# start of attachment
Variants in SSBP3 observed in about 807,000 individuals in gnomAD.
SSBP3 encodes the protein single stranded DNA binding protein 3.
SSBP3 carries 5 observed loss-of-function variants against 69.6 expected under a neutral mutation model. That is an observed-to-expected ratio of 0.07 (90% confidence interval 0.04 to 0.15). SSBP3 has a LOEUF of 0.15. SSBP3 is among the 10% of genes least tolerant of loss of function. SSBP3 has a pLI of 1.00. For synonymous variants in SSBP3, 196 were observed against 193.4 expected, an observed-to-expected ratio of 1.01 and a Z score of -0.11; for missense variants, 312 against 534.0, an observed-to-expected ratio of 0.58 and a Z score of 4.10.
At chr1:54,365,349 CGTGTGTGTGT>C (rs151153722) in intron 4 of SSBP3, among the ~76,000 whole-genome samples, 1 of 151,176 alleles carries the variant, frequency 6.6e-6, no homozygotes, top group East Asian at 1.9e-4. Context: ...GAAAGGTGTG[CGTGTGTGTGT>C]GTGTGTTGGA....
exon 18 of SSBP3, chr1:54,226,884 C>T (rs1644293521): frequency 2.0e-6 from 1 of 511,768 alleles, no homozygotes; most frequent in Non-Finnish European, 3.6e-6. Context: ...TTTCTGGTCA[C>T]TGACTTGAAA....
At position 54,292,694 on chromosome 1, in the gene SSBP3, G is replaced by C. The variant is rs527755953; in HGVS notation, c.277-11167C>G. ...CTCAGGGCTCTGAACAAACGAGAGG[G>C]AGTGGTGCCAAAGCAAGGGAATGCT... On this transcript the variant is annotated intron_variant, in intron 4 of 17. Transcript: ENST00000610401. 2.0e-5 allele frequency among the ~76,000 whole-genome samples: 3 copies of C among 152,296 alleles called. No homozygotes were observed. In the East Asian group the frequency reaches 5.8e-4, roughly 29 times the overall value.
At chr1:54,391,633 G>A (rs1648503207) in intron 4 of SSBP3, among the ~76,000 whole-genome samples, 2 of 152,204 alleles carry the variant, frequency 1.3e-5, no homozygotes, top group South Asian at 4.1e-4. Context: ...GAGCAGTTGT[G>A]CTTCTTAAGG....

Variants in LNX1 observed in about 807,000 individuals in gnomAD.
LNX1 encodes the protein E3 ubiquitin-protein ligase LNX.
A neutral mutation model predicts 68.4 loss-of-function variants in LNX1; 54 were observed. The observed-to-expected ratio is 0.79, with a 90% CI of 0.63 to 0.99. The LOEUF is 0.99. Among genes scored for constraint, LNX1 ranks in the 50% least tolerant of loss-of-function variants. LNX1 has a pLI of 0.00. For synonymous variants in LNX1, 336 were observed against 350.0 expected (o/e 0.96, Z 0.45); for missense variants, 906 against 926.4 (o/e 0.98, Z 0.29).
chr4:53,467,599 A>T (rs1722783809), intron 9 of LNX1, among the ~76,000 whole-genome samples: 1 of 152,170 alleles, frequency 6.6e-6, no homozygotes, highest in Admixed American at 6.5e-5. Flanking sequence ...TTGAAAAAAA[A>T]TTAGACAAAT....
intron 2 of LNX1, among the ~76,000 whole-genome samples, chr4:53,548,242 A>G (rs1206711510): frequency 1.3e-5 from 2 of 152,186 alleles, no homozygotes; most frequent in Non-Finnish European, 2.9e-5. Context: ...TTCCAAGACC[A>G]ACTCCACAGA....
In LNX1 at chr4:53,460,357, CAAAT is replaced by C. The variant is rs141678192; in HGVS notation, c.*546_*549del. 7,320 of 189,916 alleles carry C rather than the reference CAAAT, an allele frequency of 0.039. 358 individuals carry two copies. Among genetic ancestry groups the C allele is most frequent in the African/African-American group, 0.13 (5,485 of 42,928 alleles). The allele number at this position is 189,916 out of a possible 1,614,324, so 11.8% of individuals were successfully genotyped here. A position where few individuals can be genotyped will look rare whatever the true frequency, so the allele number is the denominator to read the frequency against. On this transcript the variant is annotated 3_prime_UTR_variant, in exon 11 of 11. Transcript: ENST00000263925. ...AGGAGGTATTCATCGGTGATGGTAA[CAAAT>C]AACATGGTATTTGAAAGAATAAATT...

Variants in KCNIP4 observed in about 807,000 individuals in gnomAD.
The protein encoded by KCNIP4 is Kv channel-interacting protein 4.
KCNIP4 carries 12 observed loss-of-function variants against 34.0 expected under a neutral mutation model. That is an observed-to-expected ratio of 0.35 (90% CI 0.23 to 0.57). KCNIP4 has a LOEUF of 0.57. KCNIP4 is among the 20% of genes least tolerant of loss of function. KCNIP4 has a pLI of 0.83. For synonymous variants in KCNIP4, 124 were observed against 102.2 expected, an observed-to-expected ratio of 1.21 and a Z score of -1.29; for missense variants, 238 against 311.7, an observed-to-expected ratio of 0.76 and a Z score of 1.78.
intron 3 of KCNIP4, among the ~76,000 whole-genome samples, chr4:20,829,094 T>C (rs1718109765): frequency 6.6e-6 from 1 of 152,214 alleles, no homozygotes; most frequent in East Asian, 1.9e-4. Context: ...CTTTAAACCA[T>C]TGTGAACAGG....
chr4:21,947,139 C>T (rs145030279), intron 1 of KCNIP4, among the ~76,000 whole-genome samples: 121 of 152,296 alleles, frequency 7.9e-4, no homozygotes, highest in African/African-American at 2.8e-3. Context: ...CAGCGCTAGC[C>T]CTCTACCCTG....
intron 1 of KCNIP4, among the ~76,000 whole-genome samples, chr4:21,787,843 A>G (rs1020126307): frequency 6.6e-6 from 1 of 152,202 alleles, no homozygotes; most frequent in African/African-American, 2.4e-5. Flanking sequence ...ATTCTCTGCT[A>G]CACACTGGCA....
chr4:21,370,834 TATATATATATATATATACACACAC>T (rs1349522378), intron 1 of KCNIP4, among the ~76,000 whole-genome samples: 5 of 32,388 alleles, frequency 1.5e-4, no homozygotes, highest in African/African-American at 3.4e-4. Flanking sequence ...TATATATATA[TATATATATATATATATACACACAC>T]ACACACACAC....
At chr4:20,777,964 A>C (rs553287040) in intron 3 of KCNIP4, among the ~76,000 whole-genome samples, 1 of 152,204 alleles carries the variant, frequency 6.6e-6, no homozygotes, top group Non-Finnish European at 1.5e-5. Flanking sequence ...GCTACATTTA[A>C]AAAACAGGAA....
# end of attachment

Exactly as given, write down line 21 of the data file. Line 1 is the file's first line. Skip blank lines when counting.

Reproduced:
At chr4:20,777,964 A>C (rs553287040) in intron 3 of KCNIP4, among the ~76,000 whole-genome samples, 1 of 152,204 alleles carries the variant, frequency 6.6e-6, no homozygotes, top group Non-Finnish European at 1.5e-5. Flanking sequence ...GCTACATTTA[A>C]AAAACAGGAA....